March 22nd, 2018
Happy little bumblebees were once a common summertime sight but thanks to enormous losses of habitats the bumblebees are fighting for survival. Find out how you can help the bumblebees this Spring.
The humble bumblebee is arguably one of Britain’s favourite insects; its fluffy, plump body, bright colours and contented buzz make these little creatures unusually endearing. So it’s no surprise that when the plight of the bumblebee was highlighted in the news recently, campaigns have taken off across the country to try and help save these lovely insects.
According to the Bumblebee Conservation Trust, the main reason for the decline in our native bumblebees is loss of habitat. In the UK all of our native species of bumblebees are thought to have declined significantly in recent decades. We have even lost a species to extinction in the last 30 years, and even our most common species have declined dramatically.
The reason for this sharp decline in bumblebee species is because of a loss of habitat. Over the last seventy years or so much of the bumblebee’s natural habitats have been destroyed because of the expansion of agricultural and urban areas.
The UK has lost 98% of its wildflower meadows since 1930 and in addition, many other places where wildflowers are still common, like road verges and hedgerows, are often cut and “managed” in mid-summer.
Bumblebees get all their food from flowers – they are reliant of having a good source of flowers throughout spring, summer and early autumn. Flower-rich habitats like meadows are therefore really important. What bumblebees need is far more flowers and flower-rich habitats in our towns and countryside, say the Bumblebee Conservation Trust.
Most people don’t realise that we would not have any tomatoes at all if it weren’t for bumblebees, because tomatoes are almost exclusively pollinated by them. And there are countless other examples. But it’s not just crops that require pollination, there are thousands of wild plants require insects for pollination. If it weren’t for bumblebees and other insect pollinators our countryside would look very different.
The plight of the bumblebee is very real, and very serious, but there are lots of things that you can do to help. Planting some bee friendly plants in your garden, or even in a window box, could make a big difference – there are many garden plants which bumblebees love to visit, including lavender, snapdragons, aquilegias, rosemary, chives, and sweet peas.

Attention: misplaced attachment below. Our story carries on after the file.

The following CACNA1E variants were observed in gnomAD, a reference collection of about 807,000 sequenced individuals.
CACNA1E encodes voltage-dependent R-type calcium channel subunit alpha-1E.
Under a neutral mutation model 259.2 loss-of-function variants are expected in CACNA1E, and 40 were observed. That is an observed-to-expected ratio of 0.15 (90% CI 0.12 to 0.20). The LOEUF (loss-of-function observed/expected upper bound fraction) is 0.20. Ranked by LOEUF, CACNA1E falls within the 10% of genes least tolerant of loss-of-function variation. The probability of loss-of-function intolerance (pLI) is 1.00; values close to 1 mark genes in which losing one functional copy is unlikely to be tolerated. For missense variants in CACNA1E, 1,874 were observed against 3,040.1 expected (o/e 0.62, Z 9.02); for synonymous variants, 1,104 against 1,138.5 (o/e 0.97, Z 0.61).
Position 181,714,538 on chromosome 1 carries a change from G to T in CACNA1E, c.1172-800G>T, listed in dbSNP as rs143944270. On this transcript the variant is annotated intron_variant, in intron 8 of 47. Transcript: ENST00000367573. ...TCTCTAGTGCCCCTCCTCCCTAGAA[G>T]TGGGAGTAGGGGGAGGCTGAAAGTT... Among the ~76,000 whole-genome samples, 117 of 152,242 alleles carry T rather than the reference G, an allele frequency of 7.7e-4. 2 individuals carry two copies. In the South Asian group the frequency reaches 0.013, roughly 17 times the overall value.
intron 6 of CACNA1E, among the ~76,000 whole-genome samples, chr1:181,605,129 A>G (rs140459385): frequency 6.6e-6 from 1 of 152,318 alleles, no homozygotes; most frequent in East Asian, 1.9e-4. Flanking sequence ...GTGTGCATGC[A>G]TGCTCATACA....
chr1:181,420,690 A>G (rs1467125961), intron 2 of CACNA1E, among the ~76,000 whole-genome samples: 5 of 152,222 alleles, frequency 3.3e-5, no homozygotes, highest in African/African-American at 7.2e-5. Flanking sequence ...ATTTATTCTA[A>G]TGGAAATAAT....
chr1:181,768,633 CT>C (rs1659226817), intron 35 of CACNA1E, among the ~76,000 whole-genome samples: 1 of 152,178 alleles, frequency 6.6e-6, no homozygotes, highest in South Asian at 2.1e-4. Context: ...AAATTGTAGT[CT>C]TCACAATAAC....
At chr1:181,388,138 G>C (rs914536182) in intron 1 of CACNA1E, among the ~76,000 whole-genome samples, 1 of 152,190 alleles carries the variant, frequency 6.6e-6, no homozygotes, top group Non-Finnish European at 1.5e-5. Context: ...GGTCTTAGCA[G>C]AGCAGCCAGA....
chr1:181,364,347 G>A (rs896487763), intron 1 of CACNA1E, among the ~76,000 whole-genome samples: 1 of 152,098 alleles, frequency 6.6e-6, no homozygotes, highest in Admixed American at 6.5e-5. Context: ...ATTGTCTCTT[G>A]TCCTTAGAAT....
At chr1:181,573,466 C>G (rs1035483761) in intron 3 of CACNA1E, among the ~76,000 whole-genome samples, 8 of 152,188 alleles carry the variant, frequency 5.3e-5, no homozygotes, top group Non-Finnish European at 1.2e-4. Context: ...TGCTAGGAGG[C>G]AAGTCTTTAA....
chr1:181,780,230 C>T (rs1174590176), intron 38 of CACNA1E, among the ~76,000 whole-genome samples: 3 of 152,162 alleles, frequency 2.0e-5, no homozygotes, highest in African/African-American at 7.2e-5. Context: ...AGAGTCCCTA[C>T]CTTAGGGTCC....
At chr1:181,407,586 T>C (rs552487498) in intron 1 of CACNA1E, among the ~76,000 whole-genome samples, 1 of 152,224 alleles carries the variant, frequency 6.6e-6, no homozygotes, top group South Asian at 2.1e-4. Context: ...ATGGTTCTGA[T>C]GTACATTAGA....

** The Bumblebee Conservation Trust was set up in 2006 in response to the plight of the bumblebee. It has quickly become a very active and influential conservation charity with over 16 members of staff, hundreds of volunteers, and thousands of members. In the last few years they have been able to deliver thousands of hectares of bumblebee habitat. They also hold many events – talks, walks, bumblebee identification training, displays, fairs and shows. A network of brilliant volunteers help with a huge range of vital work such as staffing events, raising money, monitoring bumblebee populations and much more. To find out more about becoming a volunteer for the Trust visit their website.
Bumblebee or Honeybee?
Bumblebees and honeybees are very often confused, and many people think they’re the same thing. Here’s our guide to the difference….
Honeybees produce honey! Bumbles produce nectar but not honey.
They live in hives and are usually domesticated. Bumblebees are wild.
Honeybees have huge colonies of up to 50,000 Bumblebees live in small nests with just 50-400 workers. workers.
Honeybees are the bees that ‘swarm’. Bumblebees do not swarm
Honeybees die when they sting Bumblebees don’t die when they sting, although they are reluctant to sting and only do so if provoked.
Honeybees are small and brown with a long and thin Bumblebees big, round, furry and stripy bees.
body (similar to a wasp)
A whole colony of honeybees can survive a winter A colony of bumblebees will all have died by the end of the summer